Her work is blatantly trying not to act like the actual masterpieces, and this in itself questions the idea of the original. Saleem notes that most of the world’s experience of these masterpieces is through their computer screens, printouts, posters and pictures in art books. Even those who have seen the actual paintings have done so from several feet away through a sheet of protective glass. So is this distant piece of art far removed from our everyday existence the real thing, or is it the piece of printed paper that we can touch and closely study? Or is the replication of that printed version by another artist the real thing?

Saleem believes the work is as much hers as the original artist’s, as she has lived with it, labored over it, and presented it in her own unique way to make a comment based on her experience of the world. It has come into being through her hands, so why can it not be seen as hers?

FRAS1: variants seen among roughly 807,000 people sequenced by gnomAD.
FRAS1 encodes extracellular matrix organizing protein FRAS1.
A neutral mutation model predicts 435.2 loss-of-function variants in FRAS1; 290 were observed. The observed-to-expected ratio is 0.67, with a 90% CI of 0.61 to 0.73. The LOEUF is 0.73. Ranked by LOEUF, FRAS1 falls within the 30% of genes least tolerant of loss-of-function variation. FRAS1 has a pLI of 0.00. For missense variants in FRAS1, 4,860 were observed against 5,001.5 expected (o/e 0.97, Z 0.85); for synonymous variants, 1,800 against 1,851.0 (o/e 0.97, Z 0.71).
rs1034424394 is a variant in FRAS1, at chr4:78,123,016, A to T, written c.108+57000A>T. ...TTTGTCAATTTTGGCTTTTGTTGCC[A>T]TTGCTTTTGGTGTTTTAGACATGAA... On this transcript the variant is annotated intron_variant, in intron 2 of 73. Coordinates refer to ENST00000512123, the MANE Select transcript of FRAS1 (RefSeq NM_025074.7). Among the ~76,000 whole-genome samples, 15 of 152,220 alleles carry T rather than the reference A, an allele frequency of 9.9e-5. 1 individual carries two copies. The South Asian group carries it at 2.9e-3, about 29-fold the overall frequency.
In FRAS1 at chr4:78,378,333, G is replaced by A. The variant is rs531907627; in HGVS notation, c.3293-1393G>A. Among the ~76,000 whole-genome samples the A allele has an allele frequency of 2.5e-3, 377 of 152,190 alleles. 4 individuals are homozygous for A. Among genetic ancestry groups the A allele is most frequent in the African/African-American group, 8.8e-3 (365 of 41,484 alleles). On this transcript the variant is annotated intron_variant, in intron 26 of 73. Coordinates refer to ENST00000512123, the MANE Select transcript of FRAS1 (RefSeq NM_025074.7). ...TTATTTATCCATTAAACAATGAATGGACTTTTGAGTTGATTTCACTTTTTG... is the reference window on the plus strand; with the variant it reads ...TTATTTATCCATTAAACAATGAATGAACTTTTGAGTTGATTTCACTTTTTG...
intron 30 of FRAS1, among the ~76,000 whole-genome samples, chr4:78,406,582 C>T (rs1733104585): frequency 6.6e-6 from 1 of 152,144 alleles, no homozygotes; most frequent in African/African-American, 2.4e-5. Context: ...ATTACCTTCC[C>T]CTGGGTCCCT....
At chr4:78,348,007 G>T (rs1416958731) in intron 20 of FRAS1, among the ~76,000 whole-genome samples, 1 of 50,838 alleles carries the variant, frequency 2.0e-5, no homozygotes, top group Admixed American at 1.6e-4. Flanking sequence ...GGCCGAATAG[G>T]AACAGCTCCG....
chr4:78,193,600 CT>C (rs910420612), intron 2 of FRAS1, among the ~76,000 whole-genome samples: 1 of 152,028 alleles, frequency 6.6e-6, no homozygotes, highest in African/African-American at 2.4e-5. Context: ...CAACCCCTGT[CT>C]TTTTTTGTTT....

This brings us to another question of authorship, which she drives home with her piece “Self”. This is a large blank canvas with a little patch cropped out from one of Rembrandt’s paintings bearing only his signature. She deals with the signature as an image unto itself, a form of self portrait of the artist. Ironically, while the signature is that of Rembrandt, it is now part of her work. This also makes one delve into the significance of the signature and its power to authenticate and indicate ownership, or even add value in certain cases.

Left: close up | Right: Self, oil on canvas, 91 x 76 cm, 2016
Left: close up | Right: Self, oil on canvas, 91 x 76 cm, 2016

Another point Saleem makes with this series pertains to identity of the artist and how the face was routinely used throughout history as kind of a proof of authorship. Her interpretation of someone else’s ‘self-portrait’ presented as her own work reveals the complexities of identification and ownership. She has used self-portraits of Courbet, Frida Kahlo, Jonathan Richardson and Rembrandt in various forms.